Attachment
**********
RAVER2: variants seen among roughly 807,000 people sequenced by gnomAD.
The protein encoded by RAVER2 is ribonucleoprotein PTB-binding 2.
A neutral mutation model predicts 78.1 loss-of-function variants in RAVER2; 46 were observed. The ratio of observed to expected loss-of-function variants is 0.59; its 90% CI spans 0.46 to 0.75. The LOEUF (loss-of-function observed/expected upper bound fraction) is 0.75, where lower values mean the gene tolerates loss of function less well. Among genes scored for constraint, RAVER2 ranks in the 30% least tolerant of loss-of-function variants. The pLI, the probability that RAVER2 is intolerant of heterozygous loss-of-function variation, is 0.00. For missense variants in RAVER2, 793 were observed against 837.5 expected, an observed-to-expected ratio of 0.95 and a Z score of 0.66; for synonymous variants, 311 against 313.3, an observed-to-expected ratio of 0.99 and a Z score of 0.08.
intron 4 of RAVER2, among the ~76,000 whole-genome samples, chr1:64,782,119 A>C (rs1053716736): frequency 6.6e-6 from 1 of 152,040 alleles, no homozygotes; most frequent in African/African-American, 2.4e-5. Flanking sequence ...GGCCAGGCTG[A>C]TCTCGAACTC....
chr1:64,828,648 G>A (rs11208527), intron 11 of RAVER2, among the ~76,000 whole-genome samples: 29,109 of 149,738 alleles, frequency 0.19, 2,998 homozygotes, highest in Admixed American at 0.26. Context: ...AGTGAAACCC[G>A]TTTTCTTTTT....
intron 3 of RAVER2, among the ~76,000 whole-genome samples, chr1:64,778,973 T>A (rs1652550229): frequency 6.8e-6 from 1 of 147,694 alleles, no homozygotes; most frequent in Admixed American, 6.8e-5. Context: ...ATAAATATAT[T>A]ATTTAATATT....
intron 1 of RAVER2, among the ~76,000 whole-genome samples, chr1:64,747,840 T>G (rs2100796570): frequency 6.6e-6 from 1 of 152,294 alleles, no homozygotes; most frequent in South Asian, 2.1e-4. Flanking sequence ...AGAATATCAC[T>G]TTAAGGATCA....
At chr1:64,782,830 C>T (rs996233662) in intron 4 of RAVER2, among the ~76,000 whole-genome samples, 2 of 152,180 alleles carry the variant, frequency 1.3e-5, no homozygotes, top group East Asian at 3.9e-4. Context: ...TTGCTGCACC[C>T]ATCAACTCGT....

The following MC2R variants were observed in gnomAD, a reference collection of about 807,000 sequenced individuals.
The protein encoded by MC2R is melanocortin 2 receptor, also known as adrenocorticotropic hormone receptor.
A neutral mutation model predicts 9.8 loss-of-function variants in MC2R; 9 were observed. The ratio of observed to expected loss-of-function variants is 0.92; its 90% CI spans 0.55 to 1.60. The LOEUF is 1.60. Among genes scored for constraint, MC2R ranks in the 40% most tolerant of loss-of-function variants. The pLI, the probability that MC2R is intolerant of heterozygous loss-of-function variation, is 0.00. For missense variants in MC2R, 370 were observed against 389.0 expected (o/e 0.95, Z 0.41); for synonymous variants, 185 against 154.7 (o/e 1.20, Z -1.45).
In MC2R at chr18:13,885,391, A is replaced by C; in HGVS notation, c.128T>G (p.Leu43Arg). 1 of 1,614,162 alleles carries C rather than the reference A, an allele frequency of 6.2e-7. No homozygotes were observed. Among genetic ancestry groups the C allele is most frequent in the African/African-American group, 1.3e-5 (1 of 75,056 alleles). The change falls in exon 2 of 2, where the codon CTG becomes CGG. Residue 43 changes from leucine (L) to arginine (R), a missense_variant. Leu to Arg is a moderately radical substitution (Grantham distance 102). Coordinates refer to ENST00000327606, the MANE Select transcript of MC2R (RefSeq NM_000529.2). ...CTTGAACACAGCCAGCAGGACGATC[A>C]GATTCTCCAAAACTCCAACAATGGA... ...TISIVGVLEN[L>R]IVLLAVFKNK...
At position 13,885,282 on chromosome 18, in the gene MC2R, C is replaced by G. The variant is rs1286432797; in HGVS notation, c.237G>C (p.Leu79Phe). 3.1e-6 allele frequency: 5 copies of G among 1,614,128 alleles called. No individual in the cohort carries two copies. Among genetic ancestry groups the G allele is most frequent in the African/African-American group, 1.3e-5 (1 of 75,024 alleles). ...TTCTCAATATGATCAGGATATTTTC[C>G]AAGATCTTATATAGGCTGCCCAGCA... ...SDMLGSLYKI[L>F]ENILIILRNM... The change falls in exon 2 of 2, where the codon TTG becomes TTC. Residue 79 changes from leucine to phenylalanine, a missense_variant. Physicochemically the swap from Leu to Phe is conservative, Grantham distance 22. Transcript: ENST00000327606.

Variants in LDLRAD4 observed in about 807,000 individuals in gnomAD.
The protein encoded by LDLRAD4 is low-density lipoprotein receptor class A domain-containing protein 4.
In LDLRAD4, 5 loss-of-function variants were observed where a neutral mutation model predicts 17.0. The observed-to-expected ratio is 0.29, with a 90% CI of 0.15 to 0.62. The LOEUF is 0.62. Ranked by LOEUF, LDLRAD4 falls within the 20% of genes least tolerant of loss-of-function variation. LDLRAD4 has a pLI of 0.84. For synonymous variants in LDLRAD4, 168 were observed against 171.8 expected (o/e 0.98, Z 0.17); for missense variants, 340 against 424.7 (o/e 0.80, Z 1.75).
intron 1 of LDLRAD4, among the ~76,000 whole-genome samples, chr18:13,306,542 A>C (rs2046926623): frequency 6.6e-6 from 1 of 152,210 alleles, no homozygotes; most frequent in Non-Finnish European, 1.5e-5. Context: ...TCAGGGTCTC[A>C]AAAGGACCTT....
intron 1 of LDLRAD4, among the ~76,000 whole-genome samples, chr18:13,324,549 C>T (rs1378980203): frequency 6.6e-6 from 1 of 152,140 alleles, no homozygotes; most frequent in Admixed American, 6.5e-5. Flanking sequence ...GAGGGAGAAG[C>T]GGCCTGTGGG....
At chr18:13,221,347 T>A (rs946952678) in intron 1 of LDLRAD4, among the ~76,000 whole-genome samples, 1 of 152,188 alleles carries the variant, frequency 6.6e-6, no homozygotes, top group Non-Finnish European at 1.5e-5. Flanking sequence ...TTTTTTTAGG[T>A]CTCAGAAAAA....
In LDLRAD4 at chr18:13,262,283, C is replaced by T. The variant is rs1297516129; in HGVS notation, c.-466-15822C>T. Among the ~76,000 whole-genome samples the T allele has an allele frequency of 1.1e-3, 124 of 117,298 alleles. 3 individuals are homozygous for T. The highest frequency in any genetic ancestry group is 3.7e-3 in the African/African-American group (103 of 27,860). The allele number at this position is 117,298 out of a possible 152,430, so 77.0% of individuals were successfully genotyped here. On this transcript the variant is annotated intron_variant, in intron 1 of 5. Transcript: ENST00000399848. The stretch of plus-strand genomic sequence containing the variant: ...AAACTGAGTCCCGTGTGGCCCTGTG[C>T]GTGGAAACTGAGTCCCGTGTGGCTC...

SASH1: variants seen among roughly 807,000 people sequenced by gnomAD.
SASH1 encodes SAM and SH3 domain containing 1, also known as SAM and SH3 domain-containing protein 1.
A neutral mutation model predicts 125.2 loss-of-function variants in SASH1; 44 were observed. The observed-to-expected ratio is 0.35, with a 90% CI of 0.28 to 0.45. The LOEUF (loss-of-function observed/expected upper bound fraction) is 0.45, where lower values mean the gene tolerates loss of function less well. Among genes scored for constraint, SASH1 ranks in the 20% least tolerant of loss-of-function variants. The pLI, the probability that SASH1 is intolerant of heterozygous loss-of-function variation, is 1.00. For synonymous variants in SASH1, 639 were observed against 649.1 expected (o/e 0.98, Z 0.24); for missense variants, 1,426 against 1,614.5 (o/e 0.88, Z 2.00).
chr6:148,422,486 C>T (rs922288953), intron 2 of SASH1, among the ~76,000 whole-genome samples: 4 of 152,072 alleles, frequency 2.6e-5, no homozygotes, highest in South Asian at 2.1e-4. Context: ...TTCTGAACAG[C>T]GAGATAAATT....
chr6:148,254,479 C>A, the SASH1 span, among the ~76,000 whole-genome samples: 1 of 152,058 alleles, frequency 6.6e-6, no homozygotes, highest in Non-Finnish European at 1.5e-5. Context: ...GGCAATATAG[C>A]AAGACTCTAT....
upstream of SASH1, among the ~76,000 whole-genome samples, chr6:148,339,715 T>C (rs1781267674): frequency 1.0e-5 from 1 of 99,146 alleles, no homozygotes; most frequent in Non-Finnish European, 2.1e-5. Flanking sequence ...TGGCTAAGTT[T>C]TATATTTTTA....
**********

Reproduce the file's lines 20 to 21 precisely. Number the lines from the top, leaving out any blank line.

In LDLRAD4 at chr18:13,262,283, C is replaced by T. The variant is rs1297516129; in HGVS notation, c.-466-15822C>T. Among the ~76,000 whole-genome samples the T allele has an allele frequency of 1.1e-3, 124 of 117,298 alleles. 3 individuals are homozygous for T. The highest frequency in any genetic ancestry group is 3.7e-3 in the African/African-American group (103 of 27,860). The allele number at this position is 117,298 out of a possible 152,430, so 77.0% of individuals were successfully genotyped here. On this transcript the variant is annotated intron_variant, in intron 1 of 5. Transcript: ENST00000399848. The stretch of plus-strand genomic sequence containing the variant: ...AAACTGAGTCCCGTGTGGCCCTGTG[C>T]GTGGAAACTGAGTCCCGTGTGGCTC...

SASH1: variants seen among roughly 807,000 people sequenced by gnomAD.